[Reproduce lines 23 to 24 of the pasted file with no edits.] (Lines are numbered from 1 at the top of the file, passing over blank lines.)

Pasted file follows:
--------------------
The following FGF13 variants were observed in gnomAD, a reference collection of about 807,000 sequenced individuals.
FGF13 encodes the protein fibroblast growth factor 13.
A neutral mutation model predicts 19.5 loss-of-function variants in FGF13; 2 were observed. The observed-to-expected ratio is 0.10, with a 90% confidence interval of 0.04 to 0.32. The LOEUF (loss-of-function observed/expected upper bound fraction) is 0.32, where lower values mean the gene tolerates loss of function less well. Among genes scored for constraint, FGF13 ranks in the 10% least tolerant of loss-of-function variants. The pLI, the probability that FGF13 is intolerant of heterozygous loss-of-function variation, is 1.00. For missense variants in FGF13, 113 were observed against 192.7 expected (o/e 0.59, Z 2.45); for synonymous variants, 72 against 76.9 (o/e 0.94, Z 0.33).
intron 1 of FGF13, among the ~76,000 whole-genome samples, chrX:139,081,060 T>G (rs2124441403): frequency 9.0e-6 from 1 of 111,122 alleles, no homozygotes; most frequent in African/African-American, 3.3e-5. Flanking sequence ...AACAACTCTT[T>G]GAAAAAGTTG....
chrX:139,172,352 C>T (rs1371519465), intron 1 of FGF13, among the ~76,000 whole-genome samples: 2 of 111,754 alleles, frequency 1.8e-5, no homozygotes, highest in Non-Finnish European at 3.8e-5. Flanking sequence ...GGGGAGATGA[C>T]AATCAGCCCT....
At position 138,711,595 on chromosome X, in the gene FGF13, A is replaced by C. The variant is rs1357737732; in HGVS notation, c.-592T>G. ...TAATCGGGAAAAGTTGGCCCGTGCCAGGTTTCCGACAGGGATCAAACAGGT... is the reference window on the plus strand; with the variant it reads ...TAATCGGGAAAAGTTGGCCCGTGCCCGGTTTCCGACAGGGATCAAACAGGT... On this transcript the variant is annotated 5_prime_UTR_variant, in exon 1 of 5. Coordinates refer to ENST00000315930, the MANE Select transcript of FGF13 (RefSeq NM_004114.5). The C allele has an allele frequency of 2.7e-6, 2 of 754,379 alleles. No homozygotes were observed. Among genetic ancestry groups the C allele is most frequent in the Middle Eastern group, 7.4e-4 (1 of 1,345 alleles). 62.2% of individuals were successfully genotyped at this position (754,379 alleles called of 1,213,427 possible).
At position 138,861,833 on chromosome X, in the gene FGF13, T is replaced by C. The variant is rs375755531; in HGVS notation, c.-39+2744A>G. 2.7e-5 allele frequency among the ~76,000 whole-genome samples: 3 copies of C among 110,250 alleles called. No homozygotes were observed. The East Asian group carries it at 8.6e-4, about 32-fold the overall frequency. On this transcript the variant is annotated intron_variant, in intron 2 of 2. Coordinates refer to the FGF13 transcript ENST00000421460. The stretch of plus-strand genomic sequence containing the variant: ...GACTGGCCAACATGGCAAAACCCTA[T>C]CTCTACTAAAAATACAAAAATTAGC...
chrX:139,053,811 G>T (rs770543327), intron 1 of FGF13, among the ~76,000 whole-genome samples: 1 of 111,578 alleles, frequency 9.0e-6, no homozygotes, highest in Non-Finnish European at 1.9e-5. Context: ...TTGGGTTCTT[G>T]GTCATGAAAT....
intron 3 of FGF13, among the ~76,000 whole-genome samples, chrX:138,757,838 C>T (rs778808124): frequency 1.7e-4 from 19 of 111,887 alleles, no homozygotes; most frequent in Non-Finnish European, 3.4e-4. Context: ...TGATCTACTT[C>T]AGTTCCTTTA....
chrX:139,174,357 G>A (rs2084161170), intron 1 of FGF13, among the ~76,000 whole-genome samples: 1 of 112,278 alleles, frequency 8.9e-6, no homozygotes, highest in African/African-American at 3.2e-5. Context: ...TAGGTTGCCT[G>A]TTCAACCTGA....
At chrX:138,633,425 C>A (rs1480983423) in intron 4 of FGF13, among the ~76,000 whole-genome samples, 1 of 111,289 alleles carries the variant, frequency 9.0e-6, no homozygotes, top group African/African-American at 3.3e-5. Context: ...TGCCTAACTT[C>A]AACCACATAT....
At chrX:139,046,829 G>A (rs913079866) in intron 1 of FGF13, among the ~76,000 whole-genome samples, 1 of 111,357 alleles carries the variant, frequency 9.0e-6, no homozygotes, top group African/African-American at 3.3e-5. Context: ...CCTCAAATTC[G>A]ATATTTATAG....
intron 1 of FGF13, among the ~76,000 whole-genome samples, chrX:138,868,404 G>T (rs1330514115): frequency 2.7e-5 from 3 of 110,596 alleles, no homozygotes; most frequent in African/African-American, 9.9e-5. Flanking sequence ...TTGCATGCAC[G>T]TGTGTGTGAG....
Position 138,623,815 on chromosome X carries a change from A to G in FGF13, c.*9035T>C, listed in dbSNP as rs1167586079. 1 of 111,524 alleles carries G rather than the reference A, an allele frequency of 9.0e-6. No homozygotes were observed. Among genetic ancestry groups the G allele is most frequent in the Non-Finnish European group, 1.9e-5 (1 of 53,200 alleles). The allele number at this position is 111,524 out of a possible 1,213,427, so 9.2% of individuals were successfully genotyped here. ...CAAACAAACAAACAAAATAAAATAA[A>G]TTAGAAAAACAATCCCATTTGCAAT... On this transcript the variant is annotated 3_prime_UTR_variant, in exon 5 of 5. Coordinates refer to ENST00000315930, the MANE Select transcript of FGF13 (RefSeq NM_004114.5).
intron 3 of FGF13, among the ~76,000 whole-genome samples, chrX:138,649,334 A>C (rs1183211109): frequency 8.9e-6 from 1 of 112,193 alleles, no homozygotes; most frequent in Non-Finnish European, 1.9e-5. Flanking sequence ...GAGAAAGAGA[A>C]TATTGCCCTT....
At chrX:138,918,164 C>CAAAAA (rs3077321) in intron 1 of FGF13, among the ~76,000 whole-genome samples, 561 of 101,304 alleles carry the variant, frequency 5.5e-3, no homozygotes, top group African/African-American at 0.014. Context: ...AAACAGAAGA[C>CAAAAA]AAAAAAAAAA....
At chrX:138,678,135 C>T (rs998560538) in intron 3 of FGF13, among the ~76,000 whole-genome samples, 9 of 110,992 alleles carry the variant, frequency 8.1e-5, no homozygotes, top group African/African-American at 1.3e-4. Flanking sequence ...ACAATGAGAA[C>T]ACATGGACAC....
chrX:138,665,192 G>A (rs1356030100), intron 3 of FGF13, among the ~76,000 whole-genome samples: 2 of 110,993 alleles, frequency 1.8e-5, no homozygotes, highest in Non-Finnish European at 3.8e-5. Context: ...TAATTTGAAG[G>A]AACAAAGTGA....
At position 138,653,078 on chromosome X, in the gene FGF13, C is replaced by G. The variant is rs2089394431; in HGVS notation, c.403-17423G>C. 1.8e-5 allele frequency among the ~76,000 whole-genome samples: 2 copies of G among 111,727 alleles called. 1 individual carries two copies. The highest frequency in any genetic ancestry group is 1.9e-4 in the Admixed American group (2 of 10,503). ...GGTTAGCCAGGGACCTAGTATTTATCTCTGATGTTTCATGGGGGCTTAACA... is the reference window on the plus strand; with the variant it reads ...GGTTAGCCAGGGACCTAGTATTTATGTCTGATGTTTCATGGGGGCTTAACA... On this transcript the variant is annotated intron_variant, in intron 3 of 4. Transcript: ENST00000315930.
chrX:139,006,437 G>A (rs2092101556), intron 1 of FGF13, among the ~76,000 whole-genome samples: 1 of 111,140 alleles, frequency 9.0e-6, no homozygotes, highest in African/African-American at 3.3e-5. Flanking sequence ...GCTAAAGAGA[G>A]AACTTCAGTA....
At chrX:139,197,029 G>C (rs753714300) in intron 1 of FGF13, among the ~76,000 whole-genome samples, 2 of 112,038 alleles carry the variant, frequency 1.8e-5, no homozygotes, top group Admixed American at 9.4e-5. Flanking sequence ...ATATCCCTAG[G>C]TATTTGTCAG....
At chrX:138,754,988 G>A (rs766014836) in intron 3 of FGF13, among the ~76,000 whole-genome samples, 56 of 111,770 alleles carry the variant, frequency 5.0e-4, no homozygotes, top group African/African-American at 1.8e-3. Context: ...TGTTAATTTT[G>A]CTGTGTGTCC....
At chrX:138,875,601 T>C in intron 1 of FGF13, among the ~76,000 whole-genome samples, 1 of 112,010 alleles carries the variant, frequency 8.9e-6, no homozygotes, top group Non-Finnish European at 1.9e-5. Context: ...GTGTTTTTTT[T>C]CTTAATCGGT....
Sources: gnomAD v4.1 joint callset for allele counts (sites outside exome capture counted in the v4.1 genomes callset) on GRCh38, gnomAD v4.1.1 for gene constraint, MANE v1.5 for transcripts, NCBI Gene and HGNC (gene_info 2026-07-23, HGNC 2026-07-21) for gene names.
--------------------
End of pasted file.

At chrX:138,875,601 T>C in intron 1 of FGF13, among the ~76,000 whole-genome samples, 1 of 112,010 alleles carries the variant, frequency 8.9e-6, no homozygotes, top group Non-Finnish European at 1.9e-5. Context: ...GTGTTTTTTT[T>C]CTTAATCGGT....
Sources: gnomAD v4.1 joint callset for allele counts (sites outside exome capture counted in the v4.1 genomes callset) on GRCh38, gnomAD v4.1.1 for gene constraint, MANE v1.5 for transcripts, NCBI Gene and HGNC (gene_info 2026-07-23, HGNC 2026-07-21) for gene names.